Virginia Mason, Franciscan Health Center, Mark Remould, Jay Inslee discussed on Afternoon News with Tom Glasgow and Elisa Jaffe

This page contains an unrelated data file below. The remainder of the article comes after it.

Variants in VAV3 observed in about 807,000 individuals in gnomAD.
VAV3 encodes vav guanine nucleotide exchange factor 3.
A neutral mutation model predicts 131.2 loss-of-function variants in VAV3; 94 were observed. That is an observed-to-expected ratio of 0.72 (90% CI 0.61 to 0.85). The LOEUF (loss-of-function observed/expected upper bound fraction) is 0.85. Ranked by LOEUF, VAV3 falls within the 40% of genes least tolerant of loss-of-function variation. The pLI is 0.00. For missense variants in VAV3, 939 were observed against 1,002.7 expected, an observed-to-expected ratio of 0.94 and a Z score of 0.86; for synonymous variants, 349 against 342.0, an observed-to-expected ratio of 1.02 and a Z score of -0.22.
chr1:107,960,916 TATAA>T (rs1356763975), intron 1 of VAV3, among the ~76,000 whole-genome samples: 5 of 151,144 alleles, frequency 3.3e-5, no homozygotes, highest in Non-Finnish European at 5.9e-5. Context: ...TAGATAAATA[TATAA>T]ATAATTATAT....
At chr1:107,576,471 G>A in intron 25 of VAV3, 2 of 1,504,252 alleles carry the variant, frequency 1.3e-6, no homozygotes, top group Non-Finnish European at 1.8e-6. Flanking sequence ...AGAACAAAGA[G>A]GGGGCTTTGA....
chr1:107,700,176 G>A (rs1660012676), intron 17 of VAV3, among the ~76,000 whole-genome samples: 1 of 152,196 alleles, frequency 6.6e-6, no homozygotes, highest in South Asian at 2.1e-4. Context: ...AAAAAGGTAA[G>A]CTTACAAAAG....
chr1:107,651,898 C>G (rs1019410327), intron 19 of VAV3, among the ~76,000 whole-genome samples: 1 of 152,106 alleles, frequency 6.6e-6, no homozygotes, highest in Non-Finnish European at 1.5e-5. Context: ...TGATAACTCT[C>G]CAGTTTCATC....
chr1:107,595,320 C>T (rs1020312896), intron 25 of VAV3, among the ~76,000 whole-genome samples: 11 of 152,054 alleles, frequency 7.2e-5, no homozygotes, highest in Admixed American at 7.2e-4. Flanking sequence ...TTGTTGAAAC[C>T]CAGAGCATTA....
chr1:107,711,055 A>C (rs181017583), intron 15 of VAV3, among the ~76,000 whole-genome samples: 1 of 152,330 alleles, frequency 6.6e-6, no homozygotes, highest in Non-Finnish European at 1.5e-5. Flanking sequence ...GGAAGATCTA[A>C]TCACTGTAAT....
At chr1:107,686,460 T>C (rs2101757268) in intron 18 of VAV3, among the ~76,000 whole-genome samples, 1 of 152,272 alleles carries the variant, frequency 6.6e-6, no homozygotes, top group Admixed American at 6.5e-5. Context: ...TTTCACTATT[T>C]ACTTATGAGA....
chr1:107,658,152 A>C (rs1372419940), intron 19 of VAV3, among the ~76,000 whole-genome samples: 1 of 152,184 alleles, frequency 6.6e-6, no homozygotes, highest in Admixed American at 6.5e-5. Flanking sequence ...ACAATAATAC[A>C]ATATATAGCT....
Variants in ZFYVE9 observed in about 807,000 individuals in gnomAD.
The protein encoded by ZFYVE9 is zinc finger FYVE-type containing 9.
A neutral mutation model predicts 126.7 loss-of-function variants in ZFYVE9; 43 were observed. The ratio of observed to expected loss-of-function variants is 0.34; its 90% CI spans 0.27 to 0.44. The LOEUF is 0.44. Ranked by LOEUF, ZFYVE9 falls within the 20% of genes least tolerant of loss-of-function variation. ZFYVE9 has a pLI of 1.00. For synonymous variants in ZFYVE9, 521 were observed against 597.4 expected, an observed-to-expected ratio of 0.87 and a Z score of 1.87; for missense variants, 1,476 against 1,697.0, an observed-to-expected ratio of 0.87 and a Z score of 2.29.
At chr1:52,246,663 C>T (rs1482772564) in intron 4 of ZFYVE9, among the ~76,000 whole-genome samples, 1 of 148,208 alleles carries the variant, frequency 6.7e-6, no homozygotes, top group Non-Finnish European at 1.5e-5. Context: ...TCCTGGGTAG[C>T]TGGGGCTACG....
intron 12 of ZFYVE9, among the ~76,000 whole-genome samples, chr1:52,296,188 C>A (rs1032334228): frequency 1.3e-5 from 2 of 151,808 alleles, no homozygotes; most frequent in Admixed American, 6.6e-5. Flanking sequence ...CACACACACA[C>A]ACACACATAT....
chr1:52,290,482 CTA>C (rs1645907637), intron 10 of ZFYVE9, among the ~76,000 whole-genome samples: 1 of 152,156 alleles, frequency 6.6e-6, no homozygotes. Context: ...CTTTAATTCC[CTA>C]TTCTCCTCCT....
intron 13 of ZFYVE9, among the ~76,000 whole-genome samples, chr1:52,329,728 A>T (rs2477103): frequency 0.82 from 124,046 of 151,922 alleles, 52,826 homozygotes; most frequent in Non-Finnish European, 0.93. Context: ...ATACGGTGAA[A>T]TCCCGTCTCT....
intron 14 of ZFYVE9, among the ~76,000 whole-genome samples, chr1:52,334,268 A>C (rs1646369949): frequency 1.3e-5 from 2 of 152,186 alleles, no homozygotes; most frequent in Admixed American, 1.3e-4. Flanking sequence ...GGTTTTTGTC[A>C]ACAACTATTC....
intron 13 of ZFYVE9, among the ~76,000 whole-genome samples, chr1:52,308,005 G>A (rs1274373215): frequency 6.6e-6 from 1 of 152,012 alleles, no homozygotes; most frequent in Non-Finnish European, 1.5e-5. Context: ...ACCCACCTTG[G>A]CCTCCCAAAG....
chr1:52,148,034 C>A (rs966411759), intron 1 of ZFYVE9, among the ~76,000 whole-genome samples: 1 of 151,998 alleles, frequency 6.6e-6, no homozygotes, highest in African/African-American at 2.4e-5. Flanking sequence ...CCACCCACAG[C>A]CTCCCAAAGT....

And here's what's happening. Governor Jay inslee joining his counterparts from Oregon, California and British Columbia to sign a new climate protection pack. They agreement calls for investment in communities hardest hit by the climate change. And computer networks at Virginia mason, Franciscan health center still down today in several states, including Washington following a security breach last weekend. Two and a half million middle and high school students in America reported using E cigarettes within the past 30 days. That's a startling statistic that's leading to renewed calls for action to address the problem. ABC's Mark remould is on the northwest news line and Mark, what more did they discover in this study? Not only were there more than two and a half million high school and middle aged students, so in total, who said that they had used E cigarettes. But despite all the efforts that the FDA and other federal regulators had attempted to crack down specifically on these flavored cartridges that federal regulators say are alluring to younger users and teenage kids, well, 85% of those two and a half million students who reported using E cigarettes said they used flavored cartridges and the most popular flavor was fruit behind that where candy or dessert flavored cartridges and then you get to mint and menthol and down the line. So this study was looking specifically at E cigarettes. Does that mean only tobacco products, how does marijuana vaping factor in at all? If it does. Yeah, good question. This did not look at marijuana related products. This was E cigarettes that contained a nicotine. So they follow under tobacco regulation. And that's part of the issue here is the question when it comes to the enforcement issue is the question of companies that may be selling these products without prior authorization because to sell any tobacco products, you have to have prior approval and the FDA has sent letters to some of these companies as recently as July saying that they found products that are being sold that don't have authorization. And so there's a lot of question about is the enforcement here. Does more need to be done? Is it too slow of a process? How are these things ending up in kids hands is a great question because at the end of the day, as we see here, two and a half million kids using these E cigarettes, not the marijuana ones, but nicotine related E cigarette. And there's long been this narrative that the flavors that are sweet or fruity, they make E cigarettes more attractive to underage users, but we've got fruity wine. We've got sweet mixed drinks that might make alcohol more attractive to kids. Is anybody talking about that? That's a good question, you know? I don't know. Obviously this study didn't particularly look at other products that might be on the market that may have a similar allure, but you're right. These are products that also have popped up seltzers, for example, are something that's extremely popular now. Flavor with these is another thing that I've seen a lot of apple flavored whisky honey flavored whisky. Now, those products, though, wouldn't fall under the perhaps the same kind of regulation. But nonetheless, I think either one of these things is falling into the hands of people who are under the appropriate age is concerning nonetheless. ABC's Mark remillard on the latest study about underage use of E cigarettes. Twitter wants to proceed to trial despite a renewed offer to buy from Elon Musk, ABC's Aaron kotze has more Twitter. Said the Delaware chancery court should move forward with a trial that is set to start later this month because Elon Musk refuses to accept certain obligations of his agreement to buy the social media platform. Mosque had earlier asked the judge to stop the trial because he said he already agreed to the original price of $44 billion. Twitter has said it intends to close the deal, but said Musk is inviting mischief and delay. Musk's attorney said it's Twitter that attempted to put certain self serving conditions on the deal. Aaron Kutcher ski ABC News New York. A top Senate Democrat is outlining priorities for the $80 billion in IRS funding provided through the inflation reduction act. Oregon's Ron wyden emphasizing in a letter to the treasury secretary and the IRS commissioner that the funds would not be used to increase the audit rate relative to historic levels for those making less than $400,000. He detailed expectations for the ten year investment that include boosting customer service, investing in technology and increasing audits for the wealthy. Speaking of dollars and cents, how about the new car and used car prices a closer look at where things stand there coming up in just a moment. First though, let's talk money and how the markets did today with your stock charge

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